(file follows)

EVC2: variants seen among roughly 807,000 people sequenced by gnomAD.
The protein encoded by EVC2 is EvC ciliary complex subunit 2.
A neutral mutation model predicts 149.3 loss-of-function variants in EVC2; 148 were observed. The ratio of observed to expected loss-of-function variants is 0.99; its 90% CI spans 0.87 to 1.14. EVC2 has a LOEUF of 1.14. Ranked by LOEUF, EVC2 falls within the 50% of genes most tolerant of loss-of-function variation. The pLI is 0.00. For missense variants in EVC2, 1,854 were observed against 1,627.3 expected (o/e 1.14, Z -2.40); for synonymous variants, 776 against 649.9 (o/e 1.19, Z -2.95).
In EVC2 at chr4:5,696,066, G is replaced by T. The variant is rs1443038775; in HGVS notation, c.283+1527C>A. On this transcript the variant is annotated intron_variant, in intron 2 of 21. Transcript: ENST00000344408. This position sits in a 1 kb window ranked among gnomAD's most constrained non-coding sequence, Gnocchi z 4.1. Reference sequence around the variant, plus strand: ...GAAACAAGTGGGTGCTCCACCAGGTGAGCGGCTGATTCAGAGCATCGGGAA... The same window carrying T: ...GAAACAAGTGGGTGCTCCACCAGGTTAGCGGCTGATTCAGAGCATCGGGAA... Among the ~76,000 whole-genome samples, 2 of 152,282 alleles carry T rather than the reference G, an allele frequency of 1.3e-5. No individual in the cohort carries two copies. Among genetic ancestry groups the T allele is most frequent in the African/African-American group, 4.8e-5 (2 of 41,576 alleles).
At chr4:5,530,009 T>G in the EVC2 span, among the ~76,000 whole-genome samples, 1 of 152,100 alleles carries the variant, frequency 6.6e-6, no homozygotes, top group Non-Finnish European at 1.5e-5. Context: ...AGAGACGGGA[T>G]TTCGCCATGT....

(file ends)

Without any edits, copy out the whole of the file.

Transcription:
EVC2: variants seen among roughly 807,000 people sequenced by gnomAD.
The protein encoded by EVC2 is EvC ciliary complex subunit 2.
A neutral mutation model predicts 149.3 loss-of-function variants in EVC2; 148 were observed. The ratio of observed to expected loss-of-function variants is 0.99; its 90% CI spans 0.87 to 1.14. EVC2 has a LOEUF of 1.14. Ranked by LOEUF, EVC2 falls within the 50% of genes most tolerant of loss-of-function variation. The pLI is 0.00. For missense variants in EVC2, 1,854 were observed against 1,627.3 expected (o/e 1.14, Z -2.40); for synonymous variants, 776 against 649.9 (o/e 1.19, Z -2.95).
In EVC2 at chr4:5,696,066, G is replaced by T. The variant is rs1443038775; in HGVS notation, c.283+1527C>A. On this transcript the variant is annotated intron_variant, in intron 2 of 21. Transcript: ENST00000344408. This position sits in a 1 kb window ranked among gnomAD's most constrained non-coding sequence, Gnocchi z 4.1. Reference sequence around the variant, plus strand: ...GAAACAAGTGGGTGCTCCACCAGGTGAGCGGCTGATTCAGAGCATCGGGAA... The same window carrying T: ...GAAACAAGTGGGTGCTCCACCAGGTTAGCGGCTGATTCAGAGCATCGGGAA... Among the ~76,000 whole-genome samples, 2 of 152,282 alleles carry T rather than the reference G, an allele frequency of 1.3e-5. No individual in the cohort carries two copies. Among genetic ancestry groups the T allele is most frequent in the African/African-American group, 4.8e-5 (2 of 41,576 alleles).
At chr4:5,530,009 T>G in the EVC2 span, among the ~76,000 whole-genome samples, 1 of 152,100 alleles carries the variant, frequency 6.6e-6, no homozygotes, top group Non-Finnish European at 1.5e-5. Context: ...AGAGACGGGA[T>G]TTCGCCATGT....